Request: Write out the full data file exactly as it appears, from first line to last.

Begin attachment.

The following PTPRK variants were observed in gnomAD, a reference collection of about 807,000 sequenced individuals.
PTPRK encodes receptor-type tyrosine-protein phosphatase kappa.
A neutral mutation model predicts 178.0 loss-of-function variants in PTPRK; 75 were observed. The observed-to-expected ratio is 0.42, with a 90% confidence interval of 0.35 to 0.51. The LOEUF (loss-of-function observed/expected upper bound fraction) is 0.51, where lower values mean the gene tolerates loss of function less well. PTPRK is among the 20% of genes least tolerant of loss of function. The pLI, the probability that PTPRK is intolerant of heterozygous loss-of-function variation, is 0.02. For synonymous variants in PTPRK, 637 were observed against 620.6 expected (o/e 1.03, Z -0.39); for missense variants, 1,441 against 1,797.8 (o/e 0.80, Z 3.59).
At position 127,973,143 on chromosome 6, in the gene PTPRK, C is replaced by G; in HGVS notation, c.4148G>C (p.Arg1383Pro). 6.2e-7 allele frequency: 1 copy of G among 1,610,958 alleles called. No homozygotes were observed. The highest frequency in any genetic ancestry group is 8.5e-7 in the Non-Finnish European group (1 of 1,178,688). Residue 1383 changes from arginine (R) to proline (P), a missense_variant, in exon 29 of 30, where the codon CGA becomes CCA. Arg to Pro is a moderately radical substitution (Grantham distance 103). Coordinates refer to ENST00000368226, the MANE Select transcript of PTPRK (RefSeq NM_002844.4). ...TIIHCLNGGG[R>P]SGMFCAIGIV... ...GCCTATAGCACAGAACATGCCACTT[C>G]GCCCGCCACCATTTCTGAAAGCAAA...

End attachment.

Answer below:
The following PTPRK variants were observed in gnomAD, a reference collection of about 807,000 sequenced individuals.
PTPRK encodes receptor-type tyrosine-protein phosphatase kappa.
A neutral mutation model predicts 178.0 loss-of-function variants in PTPRK; 75 were observed. The observed-to-expected ratio is 0.42, with a 90% confidence interval of 0.35 to 0.51. The LOEUF (loss-of-function observed/expected upper bound fraction) is 0.51, where lower values mean the gene tolerates loss of function less well. PTPRK is among the 20% of genes least tolerant of loss of function. The pLI, the probability that PTPRK is intolerant of heterozygous loss-of-function variation, is 0.02. For synonymous variants in PTPRK, 637 were observed against 620.6 expected (o/e 1.03, Z -0.39); for missense variants, 1,441 against 1,797.8 (o/e 0.80, Z 3.59).
At position 127,973,143 on chromosome 6, in the gene PTPRK, C is replaced by G; in HGVS notation, c.4148G>C (p.Arg1383Pro). 6.2e-7 allele frequency: 1 copy of G among 1,610,958 alleles called. No homozygotes were observed. The highest frequency in any genetic ancestry group is 8.5e-7 in the Non-Finnish European group (1 of 1,178,688). Residue 1383 changes from arginine (R) to proline (P), a missense_variant, in exon 29 of 30, where the codon CGA becomes CCA. Arg to Pro is a moderately radical substitution (Grantham distance 103). Coordinates refer to ENST00000368226, the MANE Select transcript of PTPRK (RefSeq NM_002844.4). ...TIIHCLNGGG[R>P]SGMFCAIGIV... ...GCCTATAGCACAGAACATGCCACTT[C>G]GCCCGCCACCATTTCTGAAAGCAAA...